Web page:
When I was in tenth grade, I damned near flunked a World History class. Might sound strange to someone who has anything more than a nodding acquaintance with me, as I’m a pretty serious history buff. But yes, I did get a D for the year in World History in the tenth grade.
The teacher told my mother that she thought I had problems reading, and that was why I was doing so poorly. Mom laughed at her, and I don’t think the teacher ever did figure out that the reason I was doing poorly was that I didn’t want to do what I considered busywork, not because I did not know the material. (I ignored the teacher in class and just read the textbook, which was interesting)
Towards the end of the year, when we were to sign up for classes, I noticed that there was an Advanced Placement American History class available. You had to apply, you had to have an interview, and you had to provide a writing sample.
I applied, pretty sure I wasn’t going to get it, as my World History teacher was going to tell the committee that I was an unmotivated moron. But, hey. I really am a history buff, and I wanted to try and see if I could get into the class anyway.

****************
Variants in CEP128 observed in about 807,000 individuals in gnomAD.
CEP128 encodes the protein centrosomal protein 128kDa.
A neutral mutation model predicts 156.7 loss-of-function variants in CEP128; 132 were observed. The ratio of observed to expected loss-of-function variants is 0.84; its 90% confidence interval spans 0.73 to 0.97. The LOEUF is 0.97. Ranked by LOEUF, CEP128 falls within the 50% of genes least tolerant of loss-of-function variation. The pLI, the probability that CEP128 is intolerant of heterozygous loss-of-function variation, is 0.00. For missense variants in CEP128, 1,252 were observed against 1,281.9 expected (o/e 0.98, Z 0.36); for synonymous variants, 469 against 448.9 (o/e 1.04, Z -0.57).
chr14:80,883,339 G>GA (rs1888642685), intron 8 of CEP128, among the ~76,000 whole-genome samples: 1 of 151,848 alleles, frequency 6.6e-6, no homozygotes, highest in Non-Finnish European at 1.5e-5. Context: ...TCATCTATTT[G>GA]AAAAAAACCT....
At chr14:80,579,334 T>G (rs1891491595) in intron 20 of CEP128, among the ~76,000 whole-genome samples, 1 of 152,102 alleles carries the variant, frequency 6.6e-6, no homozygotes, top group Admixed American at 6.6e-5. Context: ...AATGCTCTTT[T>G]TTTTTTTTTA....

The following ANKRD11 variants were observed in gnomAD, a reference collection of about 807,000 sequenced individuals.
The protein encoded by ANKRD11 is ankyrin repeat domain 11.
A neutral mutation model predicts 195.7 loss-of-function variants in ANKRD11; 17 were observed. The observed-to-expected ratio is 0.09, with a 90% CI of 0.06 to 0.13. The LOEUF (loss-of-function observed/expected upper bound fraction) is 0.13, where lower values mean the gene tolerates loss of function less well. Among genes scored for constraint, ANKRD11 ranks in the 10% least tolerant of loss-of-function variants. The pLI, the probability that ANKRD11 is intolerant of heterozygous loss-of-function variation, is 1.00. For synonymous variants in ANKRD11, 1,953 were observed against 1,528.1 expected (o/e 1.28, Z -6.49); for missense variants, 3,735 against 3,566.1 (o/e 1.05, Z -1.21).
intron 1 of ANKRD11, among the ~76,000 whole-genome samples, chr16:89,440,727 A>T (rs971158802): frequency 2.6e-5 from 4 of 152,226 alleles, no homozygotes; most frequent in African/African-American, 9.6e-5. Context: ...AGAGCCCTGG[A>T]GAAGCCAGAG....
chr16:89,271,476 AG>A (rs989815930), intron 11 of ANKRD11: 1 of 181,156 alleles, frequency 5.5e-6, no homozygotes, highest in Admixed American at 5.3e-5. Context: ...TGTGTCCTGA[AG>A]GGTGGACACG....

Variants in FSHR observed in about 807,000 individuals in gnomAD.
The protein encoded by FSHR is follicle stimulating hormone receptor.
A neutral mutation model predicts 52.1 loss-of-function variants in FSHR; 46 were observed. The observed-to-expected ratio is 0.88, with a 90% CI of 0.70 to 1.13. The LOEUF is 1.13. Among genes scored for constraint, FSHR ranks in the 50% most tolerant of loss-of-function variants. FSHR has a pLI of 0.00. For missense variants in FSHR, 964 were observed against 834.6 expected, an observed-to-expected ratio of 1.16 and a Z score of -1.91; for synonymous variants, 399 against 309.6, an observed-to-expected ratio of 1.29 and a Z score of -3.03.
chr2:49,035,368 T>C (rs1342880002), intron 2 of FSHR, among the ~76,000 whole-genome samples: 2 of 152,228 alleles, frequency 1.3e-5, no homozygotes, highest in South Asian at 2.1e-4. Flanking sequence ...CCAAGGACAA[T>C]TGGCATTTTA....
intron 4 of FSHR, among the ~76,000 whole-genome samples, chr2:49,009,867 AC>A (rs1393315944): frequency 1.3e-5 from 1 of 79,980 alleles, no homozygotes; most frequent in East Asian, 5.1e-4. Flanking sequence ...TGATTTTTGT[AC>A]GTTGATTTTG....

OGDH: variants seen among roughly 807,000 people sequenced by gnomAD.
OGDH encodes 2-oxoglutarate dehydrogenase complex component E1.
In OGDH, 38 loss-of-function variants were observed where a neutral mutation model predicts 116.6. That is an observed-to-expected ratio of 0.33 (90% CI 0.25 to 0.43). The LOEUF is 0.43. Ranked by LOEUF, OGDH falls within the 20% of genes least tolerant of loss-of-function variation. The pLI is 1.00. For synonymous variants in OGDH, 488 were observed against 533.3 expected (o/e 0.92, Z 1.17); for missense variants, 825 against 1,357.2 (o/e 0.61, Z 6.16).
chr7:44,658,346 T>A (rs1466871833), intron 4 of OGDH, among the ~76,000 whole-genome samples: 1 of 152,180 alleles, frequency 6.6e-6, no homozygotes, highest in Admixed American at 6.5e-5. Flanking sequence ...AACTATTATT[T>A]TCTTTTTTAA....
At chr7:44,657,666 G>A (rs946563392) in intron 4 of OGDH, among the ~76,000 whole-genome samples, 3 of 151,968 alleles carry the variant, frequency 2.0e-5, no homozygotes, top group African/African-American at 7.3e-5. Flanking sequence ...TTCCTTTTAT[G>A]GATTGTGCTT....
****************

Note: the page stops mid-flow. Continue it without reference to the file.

I don’t remember all of the questions on the application, but I do remember being asked to estimate how many books I’d read in the last three months (~100. I read a lot fewer books a week than I did then) and to list some of titles. I forget all of the titles I put down, but Shogun and Gone with the Wind were on the list alongside I,Robot, Dune, and a fictional biography of Anne Bonny called Sea Star. I did not list the Johanna Lindsay romances. I felt like they wouldn’t help. Though looking back, I suppose it would have been blisteringly obvious that anyone reading over a book a day probably isn’t only reading Great Literature.
The writing sample? No, I didn’t write an essay. I felt like I should have, but there was this ghost story I’d read about the Tower of London and the ghost of headless queen. I decided to write the only historical fiction I’ve ever written to date and did this short story of Anne Boleyn’s last night in the Tower.
Now, Tudor history was something that was not taught in Stafford County history classes at the time. We went straight from Columbus to Sir Walter Raleigh. So, this was clearly something I’d learned about on my own, and was interested enough in to use as a writing subject to try to get into the class.
Yes, I did get in. I think it was less on the reading claims (which I suspect were not entirely believed) and more on that short story. As much as I’d cringe at my sixteen year old self’s writing, ya know, I wish I still had a copy of that story!